IBA’s Finlay Grogan highlights 4 new operators from around the world that we will be watching closely in the coming months.
Image: Akasa Air
Founded by former Virgin Blue administrator Tim Jordan, Bonza is set to join the market as the latest addition to Australia’s low -cost carriers. Delays in delivering Bonza's Airline’s initial Boeing 737 MAX aircraft pushed back the Air Operator Certificate ‘AOC’ acquisition process, and the carrier is expecting to commence operations in September 2022. The operator is backed by Miami-based 777 Partners.
The issue remains as to how many airlines Australia can realistically support. Qantas and a newly Virgin Australia are competing on trunk routes, and Rex Airlines are using ex-Virgin Australia aircraft to enter the narrowbody market. In addition, Koala Airlines are looking to acquire the Boeing 737 MAX aircraft to join the competition.
It is notable that 777 Partners is working hard to replicate the business model of low-cost carrier Flair Airlines in Canada, and this has not been without its problems. Amongst other issues, the operation has encountered problems with foreign ownership rules and Cabotage.
The big questions for new entrants to the Australian market are these; How many new entrants can the Australian market take, and will they be gambling on stimulating traffic that major carriers have previously ignored?
Hong Kong’s Greater Bay Airlines is positioned as a ‘value carrier’. Originally planning to commence operations in late 2021, ongoing travel restrictions brought about by China’s ‘zero Covid policy’ has caused several delays to launch. Once active, the operator would become Hong Kong’s eighth airline. The unescapable fact is that Hong Kong capacity is down. Specifically, it is down by around 80% in summer 2022 compared to 2019, and China’s aviation industry is having to take drastic measures to prove effective in difficult times. Hong Kong based competitor Hong Kong Airlines recently asked its A330 pilots to take up to 7 months unpaid leave, signalling little faith in the near-term prospects for the market.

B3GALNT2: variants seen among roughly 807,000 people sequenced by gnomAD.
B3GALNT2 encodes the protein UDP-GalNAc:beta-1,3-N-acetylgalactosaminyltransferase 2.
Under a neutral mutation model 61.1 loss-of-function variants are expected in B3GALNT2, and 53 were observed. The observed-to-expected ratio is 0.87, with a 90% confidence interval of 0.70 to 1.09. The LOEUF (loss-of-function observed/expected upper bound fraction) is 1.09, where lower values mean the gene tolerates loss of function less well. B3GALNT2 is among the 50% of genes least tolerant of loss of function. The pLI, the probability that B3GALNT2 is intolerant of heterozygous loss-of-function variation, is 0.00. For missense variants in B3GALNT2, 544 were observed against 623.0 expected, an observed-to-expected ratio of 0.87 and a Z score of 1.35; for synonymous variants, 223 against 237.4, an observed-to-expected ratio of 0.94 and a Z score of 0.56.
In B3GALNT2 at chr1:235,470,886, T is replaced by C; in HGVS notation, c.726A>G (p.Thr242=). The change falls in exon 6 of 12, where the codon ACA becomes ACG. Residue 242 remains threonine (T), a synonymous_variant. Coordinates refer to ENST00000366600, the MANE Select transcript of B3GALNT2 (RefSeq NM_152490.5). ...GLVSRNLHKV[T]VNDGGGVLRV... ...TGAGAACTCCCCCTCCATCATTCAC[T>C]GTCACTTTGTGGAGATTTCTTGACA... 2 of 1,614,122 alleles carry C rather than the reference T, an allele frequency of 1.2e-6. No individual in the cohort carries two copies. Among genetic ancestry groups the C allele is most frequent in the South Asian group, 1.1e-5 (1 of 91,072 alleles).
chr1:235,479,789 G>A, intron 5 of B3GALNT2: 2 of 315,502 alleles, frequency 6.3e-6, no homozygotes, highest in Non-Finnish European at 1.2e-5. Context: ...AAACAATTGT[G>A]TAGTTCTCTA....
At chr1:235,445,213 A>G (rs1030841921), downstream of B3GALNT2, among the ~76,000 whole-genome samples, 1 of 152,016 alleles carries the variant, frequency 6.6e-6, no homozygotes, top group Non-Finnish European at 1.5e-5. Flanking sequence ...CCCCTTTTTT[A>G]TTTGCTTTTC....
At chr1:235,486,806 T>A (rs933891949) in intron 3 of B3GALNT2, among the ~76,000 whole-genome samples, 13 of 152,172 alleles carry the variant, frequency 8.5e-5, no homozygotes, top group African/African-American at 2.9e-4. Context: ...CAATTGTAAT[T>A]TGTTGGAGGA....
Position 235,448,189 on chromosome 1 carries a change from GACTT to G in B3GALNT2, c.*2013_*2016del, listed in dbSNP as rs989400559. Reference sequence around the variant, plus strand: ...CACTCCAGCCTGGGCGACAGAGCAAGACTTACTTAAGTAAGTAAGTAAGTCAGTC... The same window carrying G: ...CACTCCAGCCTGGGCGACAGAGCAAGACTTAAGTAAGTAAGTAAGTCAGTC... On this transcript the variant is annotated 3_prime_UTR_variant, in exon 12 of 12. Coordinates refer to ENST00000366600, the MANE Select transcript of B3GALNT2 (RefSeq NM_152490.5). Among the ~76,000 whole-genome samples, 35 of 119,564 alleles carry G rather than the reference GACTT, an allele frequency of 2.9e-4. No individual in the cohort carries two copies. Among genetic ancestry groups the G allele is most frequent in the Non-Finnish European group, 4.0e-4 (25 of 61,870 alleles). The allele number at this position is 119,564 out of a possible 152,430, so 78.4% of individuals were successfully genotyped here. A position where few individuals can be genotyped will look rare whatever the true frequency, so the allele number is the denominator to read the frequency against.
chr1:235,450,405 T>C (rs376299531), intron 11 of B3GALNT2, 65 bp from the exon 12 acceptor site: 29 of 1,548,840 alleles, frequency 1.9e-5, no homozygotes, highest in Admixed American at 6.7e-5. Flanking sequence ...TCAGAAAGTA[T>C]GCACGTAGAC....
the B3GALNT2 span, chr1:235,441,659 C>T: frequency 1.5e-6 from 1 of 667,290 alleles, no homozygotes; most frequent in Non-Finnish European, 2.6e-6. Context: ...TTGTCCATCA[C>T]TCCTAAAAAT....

This may prove an opportunity for a start-up like Greater Bay Airlines to hire staff in a cost-effective manner as they look to establish a route portfolio consisting primarily of Hong Kong to Southeast Asian destinations (and eventually incorporating Mainland services). That said, the last notable Hong Kong start-up, HK Express, was later acquired by Cathay Pacific.
Whilst not strictly a start-up airline, the Dominican Republic based airline has made a notable switch from a charter model to an ultra-low-cost carrier (‘ULCC’) model. This appears to be aiming to exploit a geography that is generally underserved by low-cost carriers, with the airline identifying the Dominican Republic and wider Caribbean area as clear opportunities. We find the backing of aviation investors Griffin Global Asset Management and Bain Capital Special Situations particularly encouraging, as well as a strong leadership team with experience in other ULCCs, including Wizz Air.
Aviation intelligence from IBA Insight reveals that AraJet have an order for 20 Boeing 737 MAX 8 family aircraft, with the option to switch to Max 8200 aircraft. AraJet is anticipated to commence operations in Spring/Summer 2022.
It’s been some time since we have seen a new start-up airline enter the Indian market, and many fledgling low-cost carriers struggled after commencing operations. This was particularly notable in the case of AirAsia. Akasa placed a substantial order for Boeing 737 MAX family aircraft at the Dubai airshow in late 2021, including options for MAX 8 and 8200 models. The Indian consumer is typically quite price elastic, and carriers typically struggle to pass on any substantial increases in input costs. With its investment in new generation aircraft and solid financial backing, we are looking forward to monitoring Akasa Air’s performance as it enters this challenging space.
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